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The Significance of Wilson v UK [2002] IRLR 568 - Essay Example

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The significance of Wilson v UK [2002] IRLR 568 Instructor Institution Date Introduction Freedom of association is indisputably a basic human rights recognized not only in the United Kingdom constitution but also in across the globe. Besides being a human right, it is recognized as a civil liberty from within the United Kingdom and internationally…
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Download file to see previous pages Respecting the right of association implies that governments need to ensure that its individual members of the public freely come together to express, defend and pursue unified goals and interest (Gross & Compa, 2009.p124) As such public authorities are refrained from interfering with individual’s right to assemble and associate. It is noteworthy that freedom of association goes beyond coming together for a common good taking into consideration that it also recognized joining associations aimed at attaining a specified goal. Freedom of association is recognized both locally and internationally in the context of industrial relation. Employees have been granted the freedom to assemble and associate for common interest in respect to the terms and condition of employment. This means that workers have the right to join trade unions and collectively bargain. According to Novitz (2002. P 176) this right is recognized by two vital conventions C 87 and C98 of the International Labour Organization (ILO). This means that any action or inaction by the employer aimed at discouraging employees from joining trade unions is tantamount to infringement of the Freedom of association and as such is illegal. ...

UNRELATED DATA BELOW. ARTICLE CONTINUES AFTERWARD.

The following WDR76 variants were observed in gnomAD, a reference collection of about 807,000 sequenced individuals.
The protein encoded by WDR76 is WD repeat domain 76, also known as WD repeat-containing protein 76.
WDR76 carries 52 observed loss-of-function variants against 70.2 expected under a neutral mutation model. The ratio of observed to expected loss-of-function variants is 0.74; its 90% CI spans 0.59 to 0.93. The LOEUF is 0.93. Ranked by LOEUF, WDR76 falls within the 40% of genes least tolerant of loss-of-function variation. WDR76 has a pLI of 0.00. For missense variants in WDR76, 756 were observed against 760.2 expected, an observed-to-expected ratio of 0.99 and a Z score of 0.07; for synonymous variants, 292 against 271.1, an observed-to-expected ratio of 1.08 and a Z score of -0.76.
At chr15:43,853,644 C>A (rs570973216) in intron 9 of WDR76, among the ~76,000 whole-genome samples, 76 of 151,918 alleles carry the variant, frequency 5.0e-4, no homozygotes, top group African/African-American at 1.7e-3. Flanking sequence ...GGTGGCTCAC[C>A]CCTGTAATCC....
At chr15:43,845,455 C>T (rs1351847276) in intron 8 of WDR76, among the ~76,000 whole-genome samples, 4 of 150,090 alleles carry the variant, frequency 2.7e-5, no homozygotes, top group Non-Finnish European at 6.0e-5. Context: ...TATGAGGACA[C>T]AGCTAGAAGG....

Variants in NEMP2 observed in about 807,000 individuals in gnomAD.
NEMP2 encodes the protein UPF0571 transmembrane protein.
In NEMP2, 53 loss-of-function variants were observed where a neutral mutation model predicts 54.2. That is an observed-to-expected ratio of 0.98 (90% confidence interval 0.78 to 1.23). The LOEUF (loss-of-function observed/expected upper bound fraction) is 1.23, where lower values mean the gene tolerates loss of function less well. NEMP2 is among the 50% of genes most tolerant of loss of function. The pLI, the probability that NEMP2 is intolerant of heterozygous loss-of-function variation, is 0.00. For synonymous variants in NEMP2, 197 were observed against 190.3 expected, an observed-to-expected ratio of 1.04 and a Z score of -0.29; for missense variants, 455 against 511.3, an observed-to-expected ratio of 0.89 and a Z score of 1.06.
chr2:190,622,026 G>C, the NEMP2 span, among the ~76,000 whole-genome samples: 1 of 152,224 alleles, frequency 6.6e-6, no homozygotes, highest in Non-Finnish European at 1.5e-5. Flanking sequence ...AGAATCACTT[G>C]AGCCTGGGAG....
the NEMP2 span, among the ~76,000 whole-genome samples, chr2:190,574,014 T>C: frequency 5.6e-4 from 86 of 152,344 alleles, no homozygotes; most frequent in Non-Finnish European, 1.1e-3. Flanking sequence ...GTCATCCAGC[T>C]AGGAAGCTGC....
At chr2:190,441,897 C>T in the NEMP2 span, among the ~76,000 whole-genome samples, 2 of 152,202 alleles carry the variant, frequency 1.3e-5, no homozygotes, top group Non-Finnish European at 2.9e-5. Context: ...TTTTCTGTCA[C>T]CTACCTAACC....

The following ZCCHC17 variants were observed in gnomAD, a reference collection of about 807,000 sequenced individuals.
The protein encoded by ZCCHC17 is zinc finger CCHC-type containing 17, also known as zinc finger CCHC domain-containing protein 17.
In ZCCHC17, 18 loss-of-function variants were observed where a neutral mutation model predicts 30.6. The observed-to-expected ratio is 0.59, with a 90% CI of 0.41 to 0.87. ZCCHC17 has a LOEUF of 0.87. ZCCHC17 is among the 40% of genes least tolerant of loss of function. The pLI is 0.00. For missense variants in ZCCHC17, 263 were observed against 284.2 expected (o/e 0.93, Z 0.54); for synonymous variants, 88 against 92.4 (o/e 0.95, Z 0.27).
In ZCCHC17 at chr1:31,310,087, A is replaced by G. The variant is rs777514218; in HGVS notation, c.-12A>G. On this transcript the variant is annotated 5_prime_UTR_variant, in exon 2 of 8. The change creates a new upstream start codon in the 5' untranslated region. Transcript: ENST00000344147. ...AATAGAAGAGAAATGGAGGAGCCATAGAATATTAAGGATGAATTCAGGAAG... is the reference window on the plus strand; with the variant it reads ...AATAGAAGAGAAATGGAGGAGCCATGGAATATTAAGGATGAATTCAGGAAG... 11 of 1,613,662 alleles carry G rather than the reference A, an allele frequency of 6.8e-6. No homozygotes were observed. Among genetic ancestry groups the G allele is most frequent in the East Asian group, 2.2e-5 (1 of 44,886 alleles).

This claim can be justified by the enactment of the “Ullswater amendment”. This legislation was put in place by the Conservative government to limit operations of trade union activities Barnard, Deakin, & Morris, 2004. P150). Regulation of industrial relation by the UK government can be considered a breach on the ILO standards and ECHR conventions in three perspectives. First the regulations does not make necessary provisions for rights to participate in industrial action, secondly it does not protect organizers and participants in collective bargaining( Hepple 2005.p23) Finally the regulations places unreasonable constrains on the autonomy of trade unions, which is categorically granted to individual employees under Article 11 and 3 of the ECHR and ILO No.87 respectively. The case Wilson v United Kingdom case, which would later bring about far reaching consequences on the British labour laws after several year of court battle involved discrimination of an employee because of his stand on trade union (English, 2011). Dave Wilson was an employee of an Associated Newspaper at the Daily Mail. Wilson was denied 4.5% salary increase because he refused to denounce membership of National Union of Journalists (NUJ) (Thompsons Solicitors, 2012). The condition for pay hike was that the entire team of journalists had to give up their right to the terms and condition put in place by the collective bargain. The aim of the management was to discourage participation industrial action. Wilson refused to sign the contract offered by his employer whereby he ended up losing on the pay incentive. Wilson through his lawyer later filed an application by the courts protesting action of his employer. Significance of the ECHR ruling It is no ...Download file to see next pages Read More
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